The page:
India has underlined that the target of achieving net-zero emissions by 2050 should be based on the principle of equity, with developing countries peaking later given their respective sustainable development paths while developed countries should do a “Net-Minus”.
Net-zero emissions mean that the world is not adding new emissions to the atmosphere.
UN Secretary-General Antonio Guterres has stressed that emissions must fall by half by 2030 and reach net-zero emissions no later than 2050 to reach the 1.5 Celsius goal of the Paris Agreement.
Permanent Representative @AmbTSTirumurti speaks at the #UNGA Second Committee General Debate on ‘Crisis, Resilience & Recovery – Accelerating Progress towards the 2030 Agenda’@MeaIndia @IndianDiplomacy pic.twitter.com/BKiXAaJ8yO
— India at UN, NY (@IndiaUNNewYork) October 9, 2021
“While there is a discussion on the concept of Net-Zero, it is important to understand its implications. A global Net-Zero should be based on the principle of common but differentiated responsibility and of equity, where developing countries will be peaking later given their respective sustainable development paths,” India’s Permanent Representative to the UN Ambassador T S Tirumurti said on Friday.
Speaking at the UN General Assembly General Debate of the Second Committee on ‘Crisis, Resilience and Recovery — Accelerating Progress towards the 2030 Agenda’, he said “consequently, in order to vacate the carbon space in 2050 for developing countries to grow, the developed countries should, in fact, do a Net-Minus.”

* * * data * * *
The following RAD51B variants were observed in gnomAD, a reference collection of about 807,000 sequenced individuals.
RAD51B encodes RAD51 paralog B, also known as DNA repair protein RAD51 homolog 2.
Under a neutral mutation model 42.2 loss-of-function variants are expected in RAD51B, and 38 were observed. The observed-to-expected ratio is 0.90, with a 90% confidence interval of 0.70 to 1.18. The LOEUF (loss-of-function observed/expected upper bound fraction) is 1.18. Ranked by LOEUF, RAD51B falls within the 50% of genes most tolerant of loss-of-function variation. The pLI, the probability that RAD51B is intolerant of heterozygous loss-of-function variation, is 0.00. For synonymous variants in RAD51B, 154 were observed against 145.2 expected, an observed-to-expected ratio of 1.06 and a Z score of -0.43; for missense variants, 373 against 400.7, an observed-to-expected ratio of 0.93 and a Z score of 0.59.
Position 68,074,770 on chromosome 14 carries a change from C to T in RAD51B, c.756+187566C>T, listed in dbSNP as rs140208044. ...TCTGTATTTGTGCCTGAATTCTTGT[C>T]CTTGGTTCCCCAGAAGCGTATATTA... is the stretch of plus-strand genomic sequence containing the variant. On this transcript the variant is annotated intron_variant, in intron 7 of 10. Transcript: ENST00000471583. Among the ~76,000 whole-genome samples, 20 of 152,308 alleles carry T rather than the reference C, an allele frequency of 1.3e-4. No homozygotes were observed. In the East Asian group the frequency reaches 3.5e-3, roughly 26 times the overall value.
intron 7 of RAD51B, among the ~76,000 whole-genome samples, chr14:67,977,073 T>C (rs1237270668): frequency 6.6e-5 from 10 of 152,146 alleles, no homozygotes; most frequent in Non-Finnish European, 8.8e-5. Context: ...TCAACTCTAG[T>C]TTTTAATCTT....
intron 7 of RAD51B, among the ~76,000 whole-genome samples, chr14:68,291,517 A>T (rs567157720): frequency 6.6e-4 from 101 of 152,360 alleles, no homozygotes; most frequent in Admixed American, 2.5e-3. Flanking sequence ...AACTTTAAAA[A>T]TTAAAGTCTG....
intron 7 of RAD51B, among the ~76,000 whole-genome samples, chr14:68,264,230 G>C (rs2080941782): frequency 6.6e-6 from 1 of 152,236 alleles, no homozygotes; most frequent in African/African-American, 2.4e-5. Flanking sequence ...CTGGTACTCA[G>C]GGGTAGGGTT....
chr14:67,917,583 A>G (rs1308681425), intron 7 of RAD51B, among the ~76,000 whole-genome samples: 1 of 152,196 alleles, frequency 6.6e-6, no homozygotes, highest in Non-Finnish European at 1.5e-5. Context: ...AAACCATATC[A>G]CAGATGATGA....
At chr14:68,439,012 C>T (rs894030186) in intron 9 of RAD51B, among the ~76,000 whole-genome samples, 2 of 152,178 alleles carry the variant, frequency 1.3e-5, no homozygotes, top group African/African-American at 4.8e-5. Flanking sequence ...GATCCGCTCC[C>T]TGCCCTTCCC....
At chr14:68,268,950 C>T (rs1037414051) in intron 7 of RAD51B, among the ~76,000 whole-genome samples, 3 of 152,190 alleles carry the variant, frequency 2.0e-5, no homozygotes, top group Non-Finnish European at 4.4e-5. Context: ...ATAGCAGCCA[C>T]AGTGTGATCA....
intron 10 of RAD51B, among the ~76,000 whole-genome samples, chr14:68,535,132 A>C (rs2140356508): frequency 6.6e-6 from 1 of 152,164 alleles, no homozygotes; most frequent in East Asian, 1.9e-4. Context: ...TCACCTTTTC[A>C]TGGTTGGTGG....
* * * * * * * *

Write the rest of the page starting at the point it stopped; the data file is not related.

“If the developed countries are only doing individual Net-Zeros, we are, in fact, moving farther away from achieving the Paris targets. And equally, the developed countries should first need to show that they are on course for achieving their 2030 commitments, before we discuss about 2050,” he said.
India also underlined the need to desist from “cherry-picking” from the inclusive and comprehensive structure built around the United Nations Framework Convention on Climate Change (UNFCCC), which all member-states have negotiated and subscribed to.
“A few should not decide for all. India will not favour any attempts which go against a member-state driven process and are not in the interest of developing countries,” he said.
In a video statement to the UN High-Level Dialogue on Energy 2021 held on the sidelines of the 76th General Assembly session last month, Minister for Power & New and Renewable Energy R K Singh had said that as nations discuss energy transition, energy access and finance, “I would like to reiterate the importance of being fully sensitive to the energy-mix and national circumstances of different countries. There cannot be a one-size-fits-all solution.”
Tirumurti also emphasised that there still exists a large gap to achieve commitment by developed countries to provide 100 billion dollars for climate action.
“This amount is less than the amount earned by the NFL on media rights! Yet we are struggling to raise USD 100 billion, though we claim it’s an existential issue! Therefore, it’s time we got serious about climate action, particularly developed countries,” he said.
India’s initiatives like the International Solar Alliance and the Coalition for Disaster Resilient Infrastructure are examples of India’s contribution to global climate partnership, Tirumurti added.
He noted that on climate change, India is the only country among G20, which is on course to meet the Paris targets. “We are moving towards the target of 450 GW of renewable energy. We are working to make India the Green Hydrogen Hub. The share of renewable energy in the energy mix stands considerably enhanced to 38 per cent,” he said.